Sure, but that doesn't change a thing.  If you've put a safety out that your child should reasonably be expected to eat—he ate it yesterday for instance—then you've done what you can do.  Some kids need to choose NOT to eat before they'll chose TO eat.

But, if you completely cater to your kids' culinary demands you'll reinforce the pickiness rather than take steps to eradicate it.

~Changing the conversation from nutrition to habits.~

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Reader Comments (4)

Great post, as usual Dina!
I had my own version of this last night with some success! Dinner was saag gosht with rice (spinach lamb curry), but as I was cooking it, my 3-yr-old said he wanted lentils for dinner (the ready-to-eat, preservative free sachets that Costco sell, which BTW, are a GREAT backup dinner when you can't be bothered cooking!!).
Instead of fighting him on it, and insisting he eat the dinner I'd made, I gave him some lentils, but also served him a little rice, a little saag sauce, and a little lamb (taken out of the sauce). I didn't pressure him to eat anything, I just gave him his plate & let him figure it out.
He chowed down the lentils & rice, ate most of the lamb (he called it "seal meat" because he was pretending to be a polar bear!) and then took a spoonful of the saag sauce... and actually swallowed it!!! He then declared it "yucky", but I was so impressed that he tasted it without complaint or spitting it back on his plate! Usually his "taste" is a tiny lick that doesn't actually get any flavor onto his tongue, or he says it's yucky before he even tastes it. I tried to discuss with him WHY he didn't like it (color, flavor, texture, smell, etc) but he didn't want to talk (he just wanted more lentils & rice, which I happily gave him, as he'd "had a bite of everything").
At bedtime, I rewarded him with an extra story, for trying 2 new foods (saag & lamb) and for having a proper bite before deciding if he wanted to eat more.
Yay, happy dinner time!

August 29, 2012 | Unregistered CommenterVestifarian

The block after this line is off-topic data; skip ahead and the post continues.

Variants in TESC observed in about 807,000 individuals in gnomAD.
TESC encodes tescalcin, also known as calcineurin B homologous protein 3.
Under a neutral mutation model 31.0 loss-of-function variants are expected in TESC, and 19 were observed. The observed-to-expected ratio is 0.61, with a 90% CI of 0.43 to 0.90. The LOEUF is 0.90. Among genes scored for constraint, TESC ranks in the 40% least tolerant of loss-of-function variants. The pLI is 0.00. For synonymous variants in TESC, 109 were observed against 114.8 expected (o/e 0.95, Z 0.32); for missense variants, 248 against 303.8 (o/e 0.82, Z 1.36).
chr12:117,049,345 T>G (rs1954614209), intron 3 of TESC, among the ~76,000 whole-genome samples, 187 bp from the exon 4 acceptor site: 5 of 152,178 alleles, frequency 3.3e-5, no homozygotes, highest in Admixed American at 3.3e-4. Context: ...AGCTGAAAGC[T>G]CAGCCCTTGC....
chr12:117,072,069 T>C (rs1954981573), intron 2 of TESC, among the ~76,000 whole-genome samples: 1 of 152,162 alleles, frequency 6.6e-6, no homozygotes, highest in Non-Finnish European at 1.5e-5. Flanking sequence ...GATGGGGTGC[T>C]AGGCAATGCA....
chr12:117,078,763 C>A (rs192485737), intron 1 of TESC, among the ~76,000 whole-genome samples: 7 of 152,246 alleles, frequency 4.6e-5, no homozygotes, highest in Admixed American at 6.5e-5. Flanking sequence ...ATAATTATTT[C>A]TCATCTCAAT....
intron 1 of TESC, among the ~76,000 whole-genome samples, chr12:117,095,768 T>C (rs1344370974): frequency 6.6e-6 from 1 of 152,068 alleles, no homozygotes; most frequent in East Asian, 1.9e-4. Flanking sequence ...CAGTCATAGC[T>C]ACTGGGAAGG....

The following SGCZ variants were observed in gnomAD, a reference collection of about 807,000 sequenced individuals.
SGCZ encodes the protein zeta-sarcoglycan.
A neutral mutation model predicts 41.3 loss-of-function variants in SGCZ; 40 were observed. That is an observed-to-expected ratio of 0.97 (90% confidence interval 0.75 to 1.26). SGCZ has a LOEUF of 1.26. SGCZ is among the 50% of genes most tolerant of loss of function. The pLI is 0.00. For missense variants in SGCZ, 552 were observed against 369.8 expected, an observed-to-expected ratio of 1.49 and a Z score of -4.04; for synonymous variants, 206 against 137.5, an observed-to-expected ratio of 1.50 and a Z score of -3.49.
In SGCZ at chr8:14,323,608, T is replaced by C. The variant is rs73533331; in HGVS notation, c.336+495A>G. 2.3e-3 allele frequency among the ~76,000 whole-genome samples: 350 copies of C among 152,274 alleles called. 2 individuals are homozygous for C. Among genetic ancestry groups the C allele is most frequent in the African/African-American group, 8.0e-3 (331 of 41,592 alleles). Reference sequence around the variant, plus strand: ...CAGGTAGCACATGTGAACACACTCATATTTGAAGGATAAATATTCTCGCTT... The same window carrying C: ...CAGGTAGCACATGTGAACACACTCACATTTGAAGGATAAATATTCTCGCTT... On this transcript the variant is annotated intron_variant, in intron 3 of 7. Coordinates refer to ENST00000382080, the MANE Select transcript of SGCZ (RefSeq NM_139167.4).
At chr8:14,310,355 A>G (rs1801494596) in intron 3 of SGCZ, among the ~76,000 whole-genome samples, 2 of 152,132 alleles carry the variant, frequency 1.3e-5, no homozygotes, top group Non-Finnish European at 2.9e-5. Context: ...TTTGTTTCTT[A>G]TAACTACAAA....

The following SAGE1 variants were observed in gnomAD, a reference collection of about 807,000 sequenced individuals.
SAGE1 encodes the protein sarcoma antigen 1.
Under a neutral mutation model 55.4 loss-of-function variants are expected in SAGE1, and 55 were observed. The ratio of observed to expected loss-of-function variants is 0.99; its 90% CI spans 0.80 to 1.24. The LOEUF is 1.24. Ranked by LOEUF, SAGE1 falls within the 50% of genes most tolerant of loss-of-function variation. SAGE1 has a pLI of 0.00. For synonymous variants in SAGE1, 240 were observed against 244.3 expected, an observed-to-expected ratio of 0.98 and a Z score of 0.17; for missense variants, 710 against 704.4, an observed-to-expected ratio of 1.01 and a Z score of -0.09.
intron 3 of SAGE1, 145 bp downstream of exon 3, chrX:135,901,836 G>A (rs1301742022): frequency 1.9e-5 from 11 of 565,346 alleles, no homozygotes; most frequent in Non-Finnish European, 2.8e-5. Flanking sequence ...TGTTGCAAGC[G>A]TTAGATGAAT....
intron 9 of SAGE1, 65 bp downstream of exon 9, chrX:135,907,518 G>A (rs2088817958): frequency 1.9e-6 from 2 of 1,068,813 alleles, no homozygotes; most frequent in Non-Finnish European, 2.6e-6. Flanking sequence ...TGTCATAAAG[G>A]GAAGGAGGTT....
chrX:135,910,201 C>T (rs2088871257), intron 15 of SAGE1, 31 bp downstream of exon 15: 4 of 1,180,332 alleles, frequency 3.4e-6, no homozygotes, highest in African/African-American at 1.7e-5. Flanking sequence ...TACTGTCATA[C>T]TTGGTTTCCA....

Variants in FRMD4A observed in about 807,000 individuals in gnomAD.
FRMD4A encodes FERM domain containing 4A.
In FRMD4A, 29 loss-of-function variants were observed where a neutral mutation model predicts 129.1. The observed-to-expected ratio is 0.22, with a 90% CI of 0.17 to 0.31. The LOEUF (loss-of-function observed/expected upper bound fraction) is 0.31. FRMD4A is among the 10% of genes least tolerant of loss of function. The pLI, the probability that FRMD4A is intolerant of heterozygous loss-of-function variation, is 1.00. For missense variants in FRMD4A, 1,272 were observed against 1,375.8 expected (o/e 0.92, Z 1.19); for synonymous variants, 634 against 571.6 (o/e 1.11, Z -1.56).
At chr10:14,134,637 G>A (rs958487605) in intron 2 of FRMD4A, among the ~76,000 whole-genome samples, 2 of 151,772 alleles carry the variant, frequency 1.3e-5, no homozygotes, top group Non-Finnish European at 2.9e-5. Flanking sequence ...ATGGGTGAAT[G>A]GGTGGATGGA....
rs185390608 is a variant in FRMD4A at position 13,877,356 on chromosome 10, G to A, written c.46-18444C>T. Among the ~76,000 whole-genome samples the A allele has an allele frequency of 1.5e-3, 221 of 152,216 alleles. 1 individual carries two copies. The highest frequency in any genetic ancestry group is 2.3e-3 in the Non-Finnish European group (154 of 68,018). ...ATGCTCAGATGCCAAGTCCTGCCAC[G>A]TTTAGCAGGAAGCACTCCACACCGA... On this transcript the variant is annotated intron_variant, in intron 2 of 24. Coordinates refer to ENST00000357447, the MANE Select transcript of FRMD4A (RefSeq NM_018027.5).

Vestifarian,

Great story; thanks for sharing it. As usual, I say, don't take the "yucky," too seriously and don't worry that your son didn't want to talk about why he didn't like it. First of all, the yucky could have just meant "I don't want to eat it," not actually, "I don't like it." Secondly, even if he didn't like it he probably doesn't know why. Next time just try talking about one aspect of the food to draw his attention to it (without necessarily getting his input): "Wow, this is so green" or "This is smooth like the yogurt we had yesterday." These might not be the correct examples, but you get my point.

Love the lentils as backup.

Best,

Dina

BTW, when we introduced my daughter to Indian food we always put a bowl of plain yogurt on the table so she could add it to any food she thought was too spicy. It worked a charm.

August 30, 2012 | Registered CommenterDina Rose

We tell our kids they should try foods they don't like every few months because your tastes change as you grow. They are always willing to try it because the deal is if they don't like it they don't have to eat it as long as they take a real bite. We have a glass of water handy too, in case they need to push it down if they still don't like it. They are always quite proud of themselves when they finally like something. The older they get the amount of times they needed to try each food before liking it has decreased. We started this when they were about 2. Now at 7 and 10 they eat almost anything. The 10 yr old even eats foods that I won't eat!

September 2, 2012 | Unregistered CommenterC.J.

C.J.

You make a good point: kids get better at tasting (and eating) new foods the more they practice. Thanks for sharing your story.

Dina

September 4, 2012 | Registered CommenterDina Rose